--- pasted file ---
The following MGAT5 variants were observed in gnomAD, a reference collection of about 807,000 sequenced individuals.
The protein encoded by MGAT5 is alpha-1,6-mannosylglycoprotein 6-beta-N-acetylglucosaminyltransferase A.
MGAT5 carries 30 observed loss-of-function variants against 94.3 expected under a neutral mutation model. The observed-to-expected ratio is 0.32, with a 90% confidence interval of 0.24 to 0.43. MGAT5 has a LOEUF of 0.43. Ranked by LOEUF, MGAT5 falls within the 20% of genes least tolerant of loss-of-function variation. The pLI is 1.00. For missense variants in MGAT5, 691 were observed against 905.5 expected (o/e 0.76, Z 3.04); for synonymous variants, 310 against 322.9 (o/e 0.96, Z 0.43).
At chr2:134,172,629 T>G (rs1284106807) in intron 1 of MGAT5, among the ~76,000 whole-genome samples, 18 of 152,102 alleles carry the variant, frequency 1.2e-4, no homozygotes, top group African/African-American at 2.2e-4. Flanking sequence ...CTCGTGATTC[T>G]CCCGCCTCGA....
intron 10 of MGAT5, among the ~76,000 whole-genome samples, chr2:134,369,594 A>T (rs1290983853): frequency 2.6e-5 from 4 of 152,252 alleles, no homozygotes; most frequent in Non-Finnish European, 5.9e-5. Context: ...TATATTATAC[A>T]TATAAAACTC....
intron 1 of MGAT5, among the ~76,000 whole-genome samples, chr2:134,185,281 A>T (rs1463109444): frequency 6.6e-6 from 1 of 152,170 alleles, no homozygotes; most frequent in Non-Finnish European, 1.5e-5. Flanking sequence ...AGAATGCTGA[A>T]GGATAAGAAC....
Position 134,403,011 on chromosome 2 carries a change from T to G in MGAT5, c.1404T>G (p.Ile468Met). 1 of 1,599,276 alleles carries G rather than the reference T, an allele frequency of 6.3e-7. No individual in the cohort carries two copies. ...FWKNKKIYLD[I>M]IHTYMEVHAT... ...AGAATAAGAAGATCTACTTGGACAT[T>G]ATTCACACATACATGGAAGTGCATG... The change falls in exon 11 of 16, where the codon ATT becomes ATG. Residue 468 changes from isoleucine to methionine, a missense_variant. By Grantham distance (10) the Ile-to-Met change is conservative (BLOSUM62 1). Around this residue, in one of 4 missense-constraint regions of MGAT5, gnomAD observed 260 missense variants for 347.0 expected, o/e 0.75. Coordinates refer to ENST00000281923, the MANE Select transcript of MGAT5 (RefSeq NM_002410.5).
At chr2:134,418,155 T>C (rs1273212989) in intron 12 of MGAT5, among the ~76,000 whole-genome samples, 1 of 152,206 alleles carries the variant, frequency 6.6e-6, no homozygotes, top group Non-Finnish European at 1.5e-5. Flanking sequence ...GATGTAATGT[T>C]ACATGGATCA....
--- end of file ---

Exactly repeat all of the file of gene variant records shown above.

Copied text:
The following MGAT5 variants were observed in gnomAD, a reference collection of about 807,000 sequenced individuals.
The protein encoded by MGAT5 is alpha-1,6-mannosylglycoprotein 6-beta-N-acetylglucosaminyltransferase A.
MGAT5 carries 30 observed loss-of-function variants against 94.3 expected under a neutral mutation model. The observed-to-expected ratio is 0.32, with a 90% confidence interval of 0.24 to 0.43. MGAT5 has a LOEUF of 0.43. Ranked by LOEUF, MGAT5 falls within the 20% of genes least tolerant of loss-of-function variation. The pLI is 1.00. For missense variants in MGAT5, 691 were observed against 905.5 expected (o/e 0.76, Z 3.04); for synonymous variants, 310 against 322.9 (o/e 0.96, Z 0.43).
At chr2:134,172,629 T>G (rs1284106807) in intron 1 of MGAT5, among the ~76,000 whole-genome samples, 18 of 152,102 alleles carry the variant, frequency 1.2e-4, no homozygotes, top group African/African-American at 2.2e-4. Flanking sequence ...CTCGTGATTC[T>G]CCCGCCTCGA....
intron 10 of MGAT5, among the ~76,000 whole-genome samples, chr2:134,369,594 A>T (rs1290983853): frequency 2.6e-5 from 4 of 152,252 alleles, no homozygotes; most frequent in Non-Finnish European, 5.9e-5. Context: ...TATATTATAC[A>T]TATAAAACTC....
intron 1 of MGAT5, among the ~76,000 whole-genome samples, chr2:134,185,281 A>T (rs1463109444): frequency 6.6e-6 from 1 of 152,170 alleles, no homozygotes; most frequent in Non-Finnish European, 1.5e-5. Flanking sequence ...AGAATGCTGA[A>T]GGATAAGAAC....
Position 134,403,011 on chromosome 2 carries a change from T to G in MGAT5, c.1404T>G (p.Ile468Met). 1 of 1,599,276 alleles carries G rather than the reference T, an allele frequency of 6.3e-7. No individual in the cohort carries two copies. ...FWKNKKIYLD[I>M]IHTYMEVHAT... ...AGAATAAGAAGATCTACTTGGACAT[T>G]ATTCACACATACATGGAAGTGCATG... The change falls in exon 11 of 16, where the codon ATT becomes ATG. Residue 468 changes from isoleucine to methionine, a missense_variant. By Grantham distance (10) the Ile-to-Met change is conservative (BLOSUM62 1). Around this residue, in one of 4 missense-constraint regions of MGAT5, gnomAD observed 260 missense variants for 347.0 expected, o/e 0.75. Coordinates refer to ENST00000281923, the MANE Select transcript of MGAT5 (RefSeq NM_002410.5).
At chr2:134,418,155 T>C (rs1273212989) in intron 12 of MGAT5, among the ~76,000 whole-genome samples, 1 of 152,206 alleles carries the variant, frequency 6.6e-6, no homozygotes, top group Non-Finnish European at 1.5e-5. Flanking sequence ...GATGTAATGT[T>C]ACATGGATCA....